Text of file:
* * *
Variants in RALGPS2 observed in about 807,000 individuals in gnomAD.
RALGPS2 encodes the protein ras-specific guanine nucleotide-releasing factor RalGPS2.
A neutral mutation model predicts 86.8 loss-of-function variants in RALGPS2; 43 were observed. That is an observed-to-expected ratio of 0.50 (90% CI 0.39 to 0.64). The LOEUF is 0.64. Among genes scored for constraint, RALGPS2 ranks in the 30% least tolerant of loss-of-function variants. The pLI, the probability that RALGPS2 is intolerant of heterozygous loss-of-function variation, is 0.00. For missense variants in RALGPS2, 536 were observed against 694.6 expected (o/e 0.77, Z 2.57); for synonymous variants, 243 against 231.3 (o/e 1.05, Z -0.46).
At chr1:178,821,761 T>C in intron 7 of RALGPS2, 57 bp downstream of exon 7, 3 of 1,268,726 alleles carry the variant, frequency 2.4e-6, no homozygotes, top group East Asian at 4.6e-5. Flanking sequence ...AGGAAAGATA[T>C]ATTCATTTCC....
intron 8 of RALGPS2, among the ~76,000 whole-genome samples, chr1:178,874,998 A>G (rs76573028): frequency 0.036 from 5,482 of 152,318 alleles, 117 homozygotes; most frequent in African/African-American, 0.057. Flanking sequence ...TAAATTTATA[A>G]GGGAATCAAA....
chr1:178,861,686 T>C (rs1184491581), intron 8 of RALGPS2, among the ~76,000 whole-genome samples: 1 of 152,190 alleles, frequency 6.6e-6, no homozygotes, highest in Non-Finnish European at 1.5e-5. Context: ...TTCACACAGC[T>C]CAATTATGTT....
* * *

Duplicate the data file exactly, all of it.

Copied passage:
Variants in RALGPS2 observed in about 807,000 individuals in gnomAD.
RALGPS2 encodes the protein ras-specific guanine nucleotide-releasing factor RalGPS2.
A neutral mutation model predicts 86.8 loss-of-function variants in RALGPS2; 43 were observed. That is an observed-to-expected ratio of 0.50 (90% CI 0.39 to 0.64). The LOEUF is 0.64. Among genes scored for constraint, RALGPS2 ranks in the 30% least tolerant of loss-of-function variants. The pLI, the probability that RALGPS2 is intolerant of heterozygous loss-of-function variation, is 0.00. For missense variants in RALGPS2, 536 were observed against 694.6 expected (o/e 0.77, Z 2.57); for synonymous variants, 243 against 231.3 (o/e 1.05, Z -0.46).
At chr1:178,821,761 T>C in intron 7 of RALGPS2, 57 bp downstream of exon 7, 3 of 1,268,726 alleles carry the variant, frequency 2.4e-6, no homozygotes, top group East Asian at 4.6e-5. Flanking sequence ...AGGAAAGATA[T>C]ATTCATTTCC....
intron 8 of RALGPS2, among the ~76,000 whole-genome samples, chr1:178,874,998 A>G (rs76573028): frequency 0.036 from 5,482 of 152,318 alleles, 117 homozygotes; most frequent in African/African-American, 0.057. Flanking sequence ...TAAATTTATA[A>G]GGGAATCAAA....
chr1:178,861,686 T>C (rs1184491581), intron 8 of RALGPS2, among the ~76,000 whole-genome samples: 1 of 152,190 alleles, frequency 6.6e-6, no homozygotes, highest in Non-Finnish European at 1.5e-5. Context: ...TTCACACAGC[T>C]CAATTATGTT....